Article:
Australia's central bank left its key rates at near zero for a fifth meeting in a row and pledged to keep policy super loose for a prolonged period as the economy recovers at a rapid pace from the Covid-led downturn.
The Reserve Bank of Australia reiterated its commitment to keep the cash rate at the record-low of 0.1% for as long as is needed to pull down unemployment and push inflation higher.
The RBA's as expected decision comes as it painted a rosy picture of the A$2 trillion economy, and upgraded the growth forecast to 4.75% over 2021, from its February forecast of 3.5%.
The jobless rate is seen declining to be around 5% at the end of this year and 4.5% by December 2022. In February, the RBA's forecast had unemployment at 5.5% by the end of 2022.
"The economic recovery in Australia has been stronger than expected and is forecast to continue," RBA Governor Philip Lowe said in a short post-meeting statement.
"A pick-up in business investment is expected and household spending will be supported by the strengthening in balance sheets over the past year," Lowe said.
But the RBA signalled it is not ready to raise rates until 2024 at the earliest, falling in line with major central banks who are willing to run their economies hot to fire up inflation, which has been elusive for years.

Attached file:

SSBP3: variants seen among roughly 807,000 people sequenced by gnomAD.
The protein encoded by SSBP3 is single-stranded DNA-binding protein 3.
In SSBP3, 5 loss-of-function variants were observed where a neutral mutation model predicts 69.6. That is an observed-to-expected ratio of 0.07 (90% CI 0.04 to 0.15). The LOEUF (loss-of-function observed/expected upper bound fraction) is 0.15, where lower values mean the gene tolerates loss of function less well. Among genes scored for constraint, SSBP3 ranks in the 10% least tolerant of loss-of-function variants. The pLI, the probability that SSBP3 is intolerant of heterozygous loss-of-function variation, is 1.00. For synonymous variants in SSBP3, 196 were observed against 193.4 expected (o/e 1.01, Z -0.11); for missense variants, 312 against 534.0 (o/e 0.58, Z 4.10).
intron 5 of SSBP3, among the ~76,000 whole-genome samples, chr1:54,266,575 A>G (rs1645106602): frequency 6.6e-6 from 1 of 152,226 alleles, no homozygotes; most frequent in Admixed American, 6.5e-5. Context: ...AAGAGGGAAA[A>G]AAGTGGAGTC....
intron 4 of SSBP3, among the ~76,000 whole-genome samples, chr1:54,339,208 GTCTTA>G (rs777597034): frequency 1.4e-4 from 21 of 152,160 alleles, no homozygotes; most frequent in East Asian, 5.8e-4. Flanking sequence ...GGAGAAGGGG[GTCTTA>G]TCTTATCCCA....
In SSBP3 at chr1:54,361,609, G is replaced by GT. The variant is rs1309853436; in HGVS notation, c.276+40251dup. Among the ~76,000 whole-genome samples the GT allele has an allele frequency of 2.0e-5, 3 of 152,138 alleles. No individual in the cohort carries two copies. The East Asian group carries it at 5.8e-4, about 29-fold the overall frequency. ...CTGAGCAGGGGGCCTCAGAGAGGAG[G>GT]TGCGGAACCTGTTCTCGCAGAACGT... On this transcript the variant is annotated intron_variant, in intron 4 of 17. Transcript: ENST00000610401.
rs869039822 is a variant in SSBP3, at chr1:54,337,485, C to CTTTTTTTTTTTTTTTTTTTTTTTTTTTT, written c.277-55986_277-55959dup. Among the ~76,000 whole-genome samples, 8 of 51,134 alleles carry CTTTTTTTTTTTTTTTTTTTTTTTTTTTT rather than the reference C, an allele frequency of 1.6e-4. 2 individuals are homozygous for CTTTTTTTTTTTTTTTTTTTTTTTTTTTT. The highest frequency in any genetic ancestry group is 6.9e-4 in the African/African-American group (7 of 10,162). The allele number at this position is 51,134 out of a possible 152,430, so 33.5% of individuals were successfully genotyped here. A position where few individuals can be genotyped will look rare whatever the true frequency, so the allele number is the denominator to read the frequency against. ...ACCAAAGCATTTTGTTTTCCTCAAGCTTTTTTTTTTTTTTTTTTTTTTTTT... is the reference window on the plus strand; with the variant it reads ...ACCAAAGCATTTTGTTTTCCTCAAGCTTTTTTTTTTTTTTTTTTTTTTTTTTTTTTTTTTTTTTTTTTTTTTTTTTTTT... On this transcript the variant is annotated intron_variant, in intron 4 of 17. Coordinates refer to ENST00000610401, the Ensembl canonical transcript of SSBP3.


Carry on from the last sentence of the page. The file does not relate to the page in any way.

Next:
In a bid to blunt the economic shock from the coronavirus pandemic last year, the RBA cut interest rates three times, announced a yield curve control (YCC) programme to keep three-year government bond yields at 10 basis points and launched a massive quantitative easing programme targeting longer term bonds.
Its current A$100 billion ($77.40 billion) quantitative easing programme ends in September and the board will consider future bond purchases at its July board meeting.
The RBA's efforts are being supplemented by Australia's federal government which has ditched its long-held obsession with creating budget surpluses and has promised to not take "any sharp pivots towards austerity" in its Budget update on May 11.
Solid monetary and fiscal stimulus have lit a fire in Australia's property market where prices are hitting record highs, largely led by demand from owner-occupiers and first-home buyers.
But official data on loan approvals out today showed investors too were rushing back in to the market.
"Should investor activity further lift, that would add to the potential for macro-prudential regulation in the sector given prior comments that strong investor activity has the potential to amplify the housing cycle," said Tapas Strickland, Sydney-based economist for National Australia Bank.
The RBA noted the price rise and said it was carefully monitoring trends in housing borrowing.